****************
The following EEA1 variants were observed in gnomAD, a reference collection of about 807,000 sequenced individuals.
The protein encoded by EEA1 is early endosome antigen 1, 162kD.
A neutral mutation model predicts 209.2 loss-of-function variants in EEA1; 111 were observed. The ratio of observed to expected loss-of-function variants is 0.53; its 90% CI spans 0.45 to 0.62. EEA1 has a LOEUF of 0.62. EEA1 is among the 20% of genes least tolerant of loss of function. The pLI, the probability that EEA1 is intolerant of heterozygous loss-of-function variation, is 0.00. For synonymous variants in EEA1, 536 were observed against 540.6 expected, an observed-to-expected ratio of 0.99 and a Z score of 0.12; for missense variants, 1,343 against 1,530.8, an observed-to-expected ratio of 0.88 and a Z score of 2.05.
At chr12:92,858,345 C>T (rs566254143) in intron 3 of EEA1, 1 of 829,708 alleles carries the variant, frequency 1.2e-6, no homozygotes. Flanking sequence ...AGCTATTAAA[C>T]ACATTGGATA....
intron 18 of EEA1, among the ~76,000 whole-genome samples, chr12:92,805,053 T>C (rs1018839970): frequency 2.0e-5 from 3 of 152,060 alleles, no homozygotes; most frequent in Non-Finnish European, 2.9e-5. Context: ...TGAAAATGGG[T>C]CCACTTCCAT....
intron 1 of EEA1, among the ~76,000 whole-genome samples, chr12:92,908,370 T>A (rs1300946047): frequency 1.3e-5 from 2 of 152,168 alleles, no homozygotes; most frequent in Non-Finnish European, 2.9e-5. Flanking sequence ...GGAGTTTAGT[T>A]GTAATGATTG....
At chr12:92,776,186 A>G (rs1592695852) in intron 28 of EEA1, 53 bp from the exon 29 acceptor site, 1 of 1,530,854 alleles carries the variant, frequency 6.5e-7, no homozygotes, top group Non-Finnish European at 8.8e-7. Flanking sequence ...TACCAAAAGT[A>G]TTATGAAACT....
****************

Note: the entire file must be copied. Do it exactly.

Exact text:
The following EEA1 variants were observed in gnomAD, a reference collection of about 807,000 sequenced individuals.
The protein encoded by EEA1 is early endosome antigen 1, 162kD.
A neutral mutation model predicts 209.2 loss-of-function variants in EEA1; 111 were observed. The ratio of observed to expected loss-of-function variants is 0.53; its 90% CI spans 0.45 to 0.62. EEA1 has a LOEUF of 0.62. EEA1 is among the 20% of genes least tolerant of loss of function. The pLI, the probability that EEA1 is intolerant of heterozygous loss-of-function variation, is 0.00. For synonymous variants in EEA1, 536 were observed against 540.6 expected, an observed-to-expected ratio of 0.99 and a Z score of 0.12; for missense variants, 1,343 against 1,530.8, an observed-to-expected ratio of 0.88 and a Z score of 2.05.
At chr12:92,858,345 C>T (rs566254143) in intron 3 of EEA1, 1 of 829,708 alleles carries the variant, frequency 1.2e-6, no homozygotes. Flanking sequence ...AGCTATTAAA[C>T]ACATTGGATA....
intron 18 of EEA1, among the ~76,000 whole-genome samples, chr12:92,805,053 T>C (rs1018839970): frequency 2.0e-5 from 3 of 152,060 alleles, no homozygotes; most frequent in Non-Finnish European, 2.9e-5. Context: ...TGAAAATGGG[T>C]CCACTTCCAT....
intron 1 of EEA1, among the ~76,000 whole-genome samples, chr12:92,908,370 T>A (rs1300946047): frequency 1.3e-5 from 2 of 152,168 alleles, no homozygotes; most frequent in Non-Finnish European, 2.9e-5. Flanking sequence ...GGAGTTTAGT[T>A]GTAATGATTG....
At chr12:92,776,186 A>G (rs1592695852) in intron 28 of EEA1, 53 bp from the exon 29 acceptor site, 1 of 1,530,854 alleles carries the variant, frequency 6.5e-7, no homozygotes, top group Non-Finnish European at 8.8e-7. Flanking sequence ...TACCAAAAGT[A>G]TTATGAAACT....